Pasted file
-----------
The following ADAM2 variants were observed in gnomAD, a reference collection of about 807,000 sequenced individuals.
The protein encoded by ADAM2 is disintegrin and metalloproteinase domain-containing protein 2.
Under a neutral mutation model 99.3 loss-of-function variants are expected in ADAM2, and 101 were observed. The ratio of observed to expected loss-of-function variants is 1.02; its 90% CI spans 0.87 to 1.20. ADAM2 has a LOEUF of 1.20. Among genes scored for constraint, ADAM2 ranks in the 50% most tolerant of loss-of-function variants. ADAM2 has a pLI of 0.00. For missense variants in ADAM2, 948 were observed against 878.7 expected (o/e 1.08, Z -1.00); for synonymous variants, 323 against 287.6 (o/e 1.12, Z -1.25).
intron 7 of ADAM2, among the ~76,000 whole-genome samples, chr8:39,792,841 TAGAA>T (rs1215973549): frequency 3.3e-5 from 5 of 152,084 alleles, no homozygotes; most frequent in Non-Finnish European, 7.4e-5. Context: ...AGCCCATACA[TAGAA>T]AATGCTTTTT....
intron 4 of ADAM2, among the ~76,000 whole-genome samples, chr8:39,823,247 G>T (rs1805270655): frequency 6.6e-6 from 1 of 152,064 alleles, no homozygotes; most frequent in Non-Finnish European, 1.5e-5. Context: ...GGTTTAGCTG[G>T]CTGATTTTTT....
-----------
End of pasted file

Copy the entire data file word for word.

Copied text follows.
The following ADAM2 variants were observed in gnomAD, a reference collection of about 807,000 sequenced individuals.
The protein encoded by ADAM2 is disintegrin and metalloproteinase domain-containing protein 2.
Under a neutral mutation model 99.3 loss-of-function variants are expected in ADAM2, and 101 were observed. The ratio of observed to expected loss-of-function variants is 1.02; its 90% CI spans 0.87 to 1.20. ADAM2 has a LOEUF of 1.20. Among genes scored for constraint, ADAM2 ranks in the 50% most tolerant of loss-of-function variants. ADAM2 has a pLI of 0.00. For missense variants in ADAM2, 948 were observed against 878.7 expected (o/e 1.08, Z -1.00); for synonymous variants, 323 against 287.6 (o/e 1.12, Z -1.25).
intron 7 of ADAM2, among the ~76,000 whole-genome samples, chr8:39,792,841 TAGAA>T (rs1215973549): frequency 3.3e-5 from 5 of 152,084 alleles, no homozygotes; most frequent in Non-Finnish European, 7.4e-5. Context: ...AGCCCATACA[TAGAA>T]AATGCTTTTT....
intron 4 of ADAM2, among the ~76,000 whole-genome samples, chr8:39,823,247 G>T (rs1805270655): frequency 6.6e-6 from 1 of 152,064 alleles, no homozygotes; most frequent in Non-Finnish European, 1.5e-5. Context: ...GGTTTAGCTG[G>T]CTGATTTTTT....